Rated 4 out of 5 by from Book Seven in the Bradshaw Chronicles about Flavia de Luce's is a thoroughly enjoyable, adventure with plenty of intrigue and added humour. As Chimney Sweeps Come to Dust By Alan Bradley Released: Jan 6, 2015 Read: Advanced. Readers Copy (ARC) My rating: 4 out of 5 Alan Bradley adds a new twist to an already outstanding series...think of a 12 year old female version of Sherlock in the 1950's, shipped (literally) by her father and Aunt Felicity (and to Flavia it feels it is more like being Banished) from her stately home in England and placed in Miss Bodycote's Female Academy in Canada. This is the same boarding school as her mother Harriet attended. In the seventh book in the Flavia du Luce series, (or Buckshaw Chronicles as they are known,) Flavia is feeling lonely in Canada where the language is somehow different at times and this combined with being miles across the sea from home and her family, and our heroine, Flavia feels homesick...that is of course, until charred remains of a body, falls out of a chimney and practically land at her feet. There is nothing better to take Flavia out of this funk, than a mystery and a dead body. Suddenly Flavia discovers that all is not as it seems. There is more to this school than she thought. Flavia curiosity has been aroused and her super sleuth skills are tested. Flavia discovers that several girls from the school have gone missing and that one of the staff had been charged and acquitted of a previous murder. Flavia also discovers that her mother is well know amongst the staff and some of her classmates. Flavia is admired by some and disliked by others and she must find out who is actually on her side and who is not. Flavia can not trust anyone until she knows what is really going on. There are some wonderful new characters in this book from the stern but admirable Miss Bodycote, to the St. Trinian type school girls attending the school. This is but a year out of Flavia's life, but what an exciting year it is. I did miss some of the old characters from Buckshaw such as Flavia's sisters and Dogger in the beginning, but once the mysteries took hold and the adventure began, I too like Flavia, forgot the aching to return to Buckshaw. I could really empathise with Flavia when she first left England for Canada. I too had done this around the same age as Flavia. I was homesick for the comfort of England and my extended family and it felt quite strange and lonely at first. It must have been very hard on Flavia for at least I had my Mum, Dad and sister with me. Flavia was alone. Flavia is an exceptional brave young lady and she prove this throughout this book too. Her determination to find the answers, to solve the mysteries and still find time to be a 12 year old girl alone in a new country is admirable. How does Alan Bradley manage to continue to write such wonderful mysteries about a precocious preteen age girl from England during the 1950's with such passion, plenty of intrigue and humour astounds me. The characters in his books no matter how minor are always so well developed that they are believable and well remembered. Alan Bradley puts his heart and soul in his writing, he believes in Flavia and as readers of the Buckshaw Chronicles do as well. Writers could learn a lot from this man. Alan is a truly gifted writer who not only immerses himself into the writing process with passion and love for the characters in his stories but is the author of one of the best classic mystery series out there. It is a thoroughly enjoyable, adventure with plenty of intrigue and added humour which appeals to both the female and male reader of varying age groups....No wonder they are going to make this a TV series.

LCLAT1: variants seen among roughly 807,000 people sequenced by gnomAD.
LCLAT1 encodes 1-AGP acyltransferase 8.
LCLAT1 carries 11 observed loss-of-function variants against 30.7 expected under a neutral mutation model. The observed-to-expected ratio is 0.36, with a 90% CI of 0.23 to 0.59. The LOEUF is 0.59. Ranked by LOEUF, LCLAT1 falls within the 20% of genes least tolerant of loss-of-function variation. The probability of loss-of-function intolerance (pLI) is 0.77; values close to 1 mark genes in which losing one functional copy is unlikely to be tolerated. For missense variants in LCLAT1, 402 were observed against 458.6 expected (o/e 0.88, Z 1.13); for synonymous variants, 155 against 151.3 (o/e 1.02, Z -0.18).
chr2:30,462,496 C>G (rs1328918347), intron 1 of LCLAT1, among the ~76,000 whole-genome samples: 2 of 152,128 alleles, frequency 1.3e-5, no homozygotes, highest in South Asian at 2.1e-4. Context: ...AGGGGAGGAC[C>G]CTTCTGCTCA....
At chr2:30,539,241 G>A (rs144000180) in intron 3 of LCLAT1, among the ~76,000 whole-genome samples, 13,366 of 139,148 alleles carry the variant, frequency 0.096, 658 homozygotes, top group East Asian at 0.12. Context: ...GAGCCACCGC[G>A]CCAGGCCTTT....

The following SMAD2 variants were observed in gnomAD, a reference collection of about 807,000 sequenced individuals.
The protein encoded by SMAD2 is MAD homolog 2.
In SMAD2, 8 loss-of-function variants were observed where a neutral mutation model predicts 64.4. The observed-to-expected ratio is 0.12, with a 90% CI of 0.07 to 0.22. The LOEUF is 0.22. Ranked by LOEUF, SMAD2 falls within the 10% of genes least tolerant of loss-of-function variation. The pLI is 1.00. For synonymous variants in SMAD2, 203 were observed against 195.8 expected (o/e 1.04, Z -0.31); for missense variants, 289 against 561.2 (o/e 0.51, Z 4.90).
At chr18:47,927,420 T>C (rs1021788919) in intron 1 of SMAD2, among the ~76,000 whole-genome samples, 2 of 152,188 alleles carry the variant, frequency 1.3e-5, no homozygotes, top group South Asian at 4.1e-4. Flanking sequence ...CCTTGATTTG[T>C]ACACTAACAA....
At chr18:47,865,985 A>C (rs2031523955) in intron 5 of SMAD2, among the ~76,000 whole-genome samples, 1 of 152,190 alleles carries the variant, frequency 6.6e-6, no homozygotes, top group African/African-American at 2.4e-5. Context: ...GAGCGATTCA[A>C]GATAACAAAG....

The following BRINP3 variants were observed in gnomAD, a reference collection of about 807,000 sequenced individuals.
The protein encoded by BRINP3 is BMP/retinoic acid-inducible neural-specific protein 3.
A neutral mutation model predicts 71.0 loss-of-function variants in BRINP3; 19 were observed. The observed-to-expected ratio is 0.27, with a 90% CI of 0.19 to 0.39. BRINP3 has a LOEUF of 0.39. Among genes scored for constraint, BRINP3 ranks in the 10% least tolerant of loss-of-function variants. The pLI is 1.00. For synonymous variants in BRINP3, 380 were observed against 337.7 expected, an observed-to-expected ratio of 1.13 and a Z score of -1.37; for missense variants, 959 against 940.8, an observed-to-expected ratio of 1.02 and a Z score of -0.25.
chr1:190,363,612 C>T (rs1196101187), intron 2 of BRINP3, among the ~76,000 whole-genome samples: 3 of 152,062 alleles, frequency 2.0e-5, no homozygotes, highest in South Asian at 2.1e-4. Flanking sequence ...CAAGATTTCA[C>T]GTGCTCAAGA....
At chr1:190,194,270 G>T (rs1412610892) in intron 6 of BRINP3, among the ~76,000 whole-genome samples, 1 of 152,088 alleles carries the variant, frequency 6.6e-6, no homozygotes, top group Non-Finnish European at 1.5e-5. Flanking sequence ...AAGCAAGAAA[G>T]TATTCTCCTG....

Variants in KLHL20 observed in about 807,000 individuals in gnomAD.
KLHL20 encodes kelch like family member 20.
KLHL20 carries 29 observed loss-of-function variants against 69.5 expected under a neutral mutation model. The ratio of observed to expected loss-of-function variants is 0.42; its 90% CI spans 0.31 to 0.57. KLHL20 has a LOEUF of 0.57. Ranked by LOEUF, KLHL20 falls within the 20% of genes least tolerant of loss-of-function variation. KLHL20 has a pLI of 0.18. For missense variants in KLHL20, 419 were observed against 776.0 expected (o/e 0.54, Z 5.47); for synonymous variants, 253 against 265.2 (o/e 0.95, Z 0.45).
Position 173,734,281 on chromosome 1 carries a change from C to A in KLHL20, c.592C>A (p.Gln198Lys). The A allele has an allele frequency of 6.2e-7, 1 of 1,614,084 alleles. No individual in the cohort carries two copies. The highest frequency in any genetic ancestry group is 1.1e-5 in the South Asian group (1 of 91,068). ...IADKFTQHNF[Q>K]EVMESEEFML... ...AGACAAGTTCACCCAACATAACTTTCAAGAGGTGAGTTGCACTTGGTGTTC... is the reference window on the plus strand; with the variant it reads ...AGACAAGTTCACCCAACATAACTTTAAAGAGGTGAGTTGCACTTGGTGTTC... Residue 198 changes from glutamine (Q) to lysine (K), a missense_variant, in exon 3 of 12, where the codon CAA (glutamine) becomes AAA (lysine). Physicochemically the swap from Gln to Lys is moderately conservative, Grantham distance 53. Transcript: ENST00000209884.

Date published: 2015-01-23